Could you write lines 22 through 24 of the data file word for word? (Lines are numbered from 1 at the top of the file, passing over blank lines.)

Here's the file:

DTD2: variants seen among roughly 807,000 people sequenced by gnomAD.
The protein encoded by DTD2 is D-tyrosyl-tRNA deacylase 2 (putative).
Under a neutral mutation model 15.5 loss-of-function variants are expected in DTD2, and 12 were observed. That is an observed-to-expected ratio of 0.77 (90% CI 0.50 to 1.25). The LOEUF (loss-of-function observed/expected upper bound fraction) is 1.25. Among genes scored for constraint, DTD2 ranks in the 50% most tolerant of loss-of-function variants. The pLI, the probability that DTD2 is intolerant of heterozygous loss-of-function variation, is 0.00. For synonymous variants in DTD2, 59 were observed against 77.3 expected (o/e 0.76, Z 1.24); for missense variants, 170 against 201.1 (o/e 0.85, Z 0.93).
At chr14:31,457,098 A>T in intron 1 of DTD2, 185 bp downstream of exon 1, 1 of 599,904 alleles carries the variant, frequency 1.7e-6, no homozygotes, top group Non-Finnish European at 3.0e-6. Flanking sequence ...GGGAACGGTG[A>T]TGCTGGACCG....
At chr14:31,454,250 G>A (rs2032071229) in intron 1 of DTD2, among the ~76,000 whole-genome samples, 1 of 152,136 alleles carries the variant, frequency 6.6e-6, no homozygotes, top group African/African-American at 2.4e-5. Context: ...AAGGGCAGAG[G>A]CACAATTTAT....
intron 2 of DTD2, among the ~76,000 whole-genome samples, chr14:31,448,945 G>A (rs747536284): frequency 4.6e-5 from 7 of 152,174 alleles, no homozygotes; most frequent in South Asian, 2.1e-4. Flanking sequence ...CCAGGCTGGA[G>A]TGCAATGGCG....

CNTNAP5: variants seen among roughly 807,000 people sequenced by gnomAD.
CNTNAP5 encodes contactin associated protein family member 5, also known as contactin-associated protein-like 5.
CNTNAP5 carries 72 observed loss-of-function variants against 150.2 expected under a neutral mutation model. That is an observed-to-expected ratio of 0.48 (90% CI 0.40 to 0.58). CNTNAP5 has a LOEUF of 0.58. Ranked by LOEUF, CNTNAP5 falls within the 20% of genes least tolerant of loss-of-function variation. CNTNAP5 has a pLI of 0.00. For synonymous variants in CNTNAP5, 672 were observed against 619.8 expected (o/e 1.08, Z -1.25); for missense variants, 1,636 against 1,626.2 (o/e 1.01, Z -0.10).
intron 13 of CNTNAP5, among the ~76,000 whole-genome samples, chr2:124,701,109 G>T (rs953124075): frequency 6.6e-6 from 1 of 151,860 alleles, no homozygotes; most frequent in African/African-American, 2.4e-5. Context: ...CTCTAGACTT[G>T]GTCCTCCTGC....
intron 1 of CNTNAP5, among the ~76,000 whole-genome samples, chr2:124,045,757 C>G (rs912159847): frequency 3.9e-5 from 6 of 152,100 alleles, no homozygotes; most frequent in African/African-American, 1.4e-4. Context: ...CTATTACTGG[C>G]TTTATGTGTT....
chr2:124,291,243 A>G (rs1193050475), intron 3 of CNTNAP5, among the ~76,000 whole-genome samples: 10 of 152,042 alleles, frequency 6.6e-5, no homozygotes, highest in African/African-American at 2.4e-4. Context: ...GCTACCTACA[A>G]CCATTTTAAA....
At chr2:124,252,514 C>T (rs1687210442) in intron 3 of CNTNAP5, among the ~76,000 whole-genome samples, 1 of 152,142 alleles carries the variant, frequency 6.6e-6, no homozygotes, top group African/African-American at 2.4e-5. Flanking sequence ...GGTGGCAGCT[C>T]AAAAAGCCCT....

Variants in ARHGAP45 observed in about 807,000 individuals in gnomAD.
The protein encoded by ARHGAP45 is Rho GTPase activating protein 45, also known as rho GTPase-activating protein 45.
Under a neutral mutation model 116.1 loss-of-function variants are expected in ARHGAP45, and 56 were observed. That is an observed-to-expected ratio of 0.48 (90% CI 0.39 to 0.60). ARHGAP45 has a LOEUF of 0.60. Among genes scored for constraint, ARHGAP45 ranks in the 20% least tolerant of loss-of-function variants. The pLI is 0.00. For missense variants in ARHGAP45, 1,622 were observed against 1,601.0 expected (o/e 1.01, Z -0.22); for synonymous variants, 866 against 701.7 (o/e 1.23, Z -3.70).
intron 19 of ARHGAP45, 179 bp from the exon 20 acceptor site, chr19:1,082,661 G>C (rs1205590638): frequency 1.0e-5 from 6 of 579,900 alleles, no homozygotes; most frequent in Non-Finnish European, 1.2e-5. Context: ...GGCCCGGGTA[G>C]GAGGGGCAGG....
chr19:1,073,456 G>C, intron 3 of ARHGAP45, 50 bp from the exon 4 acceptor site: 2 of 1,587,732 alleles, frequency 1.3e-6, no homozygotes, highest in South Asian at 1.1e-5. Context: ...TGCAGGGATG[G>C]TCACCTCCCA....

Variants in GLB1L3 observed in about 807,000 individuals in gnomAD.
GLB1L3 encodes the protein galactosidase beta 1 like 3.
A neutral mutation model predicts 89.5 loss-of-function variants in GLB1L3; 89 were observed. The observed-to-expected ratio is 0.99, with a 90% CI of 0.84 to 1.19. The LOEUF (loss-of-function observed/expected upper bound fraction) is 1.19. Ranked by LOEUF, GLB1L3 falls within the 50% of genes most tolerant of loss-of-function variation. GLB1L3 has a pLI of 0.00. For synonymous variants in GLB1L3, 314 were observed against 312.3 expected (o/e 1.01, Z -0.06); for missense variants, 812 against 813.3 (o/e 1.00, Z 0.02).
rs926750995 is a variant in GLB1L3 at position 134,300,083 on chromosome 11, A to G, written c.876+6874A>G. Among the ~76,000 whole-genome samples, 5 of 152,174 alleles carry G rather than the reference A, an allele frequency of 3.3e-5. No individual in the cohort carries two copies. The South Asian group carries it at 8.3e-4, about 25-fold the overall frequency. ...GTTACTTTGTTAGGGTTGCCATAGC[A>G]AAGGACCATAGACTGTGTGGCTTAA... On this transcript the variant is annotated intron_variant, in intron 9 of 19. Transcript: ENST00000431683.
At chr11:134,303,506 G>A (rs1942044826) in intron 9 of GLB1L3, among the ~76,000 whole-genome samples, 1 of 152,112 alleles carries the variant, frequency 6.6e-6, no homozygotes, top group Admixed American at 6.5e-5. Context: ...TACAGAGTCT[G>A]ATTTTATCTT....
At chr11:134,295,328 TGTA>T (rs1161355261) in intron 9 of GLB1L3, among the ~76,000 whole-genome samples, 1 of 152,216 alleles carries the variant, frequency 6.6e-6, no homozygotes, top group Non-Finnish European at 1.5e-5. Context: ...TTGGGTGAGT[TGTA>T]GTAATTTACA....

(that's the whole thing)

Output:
rs926750995 is a variant in GLB1L3 at position 134,300,083 on chromosome 11, A to G, written c.876+6874A>G. Among the ~76,000 whole-genome samples, 5 of 152,174 alleles carry G rather than the reference A, an allele frequency of 3.3e-5. No individual in the cohort carries two copies. The South Asian group carries it at 8.3e-4, about 25-fold the overall frequency. ...GTTACTTTGTTAGGGTTGCCATAGC[A>G]AAGGACCATAGACTGTGTGGCTTAA... On this transcript the variant is annotated intron_variant, in intron 9 of 19. Transcript: ENST00000431683.
At chr11:134,303,506 G>A (rs1942044826) in intron 9 of GLB1L3, among the ~76,000 whole-genome samples, 1 of 152,112 alleles carries the variant, frequency 6.6e-6, no homozygotes, top group Admixed American at 6.5e-5. Context: ...TACAGAGTCT[G>A]ATTTTATCTT....
At chr11:134,295,328 TGTA>T (rs1161355261) in intron 9 of GLB1L3, among the ~76,000 whole-genome samples, 1 of 152,216 alleles carries the variant, frequency 6.6e-6, no homozygotes, top group Non-Finnish European at 1.5e-5. Context: ...TTGGGTGAGT[TGTA>T]GTAATTTACA....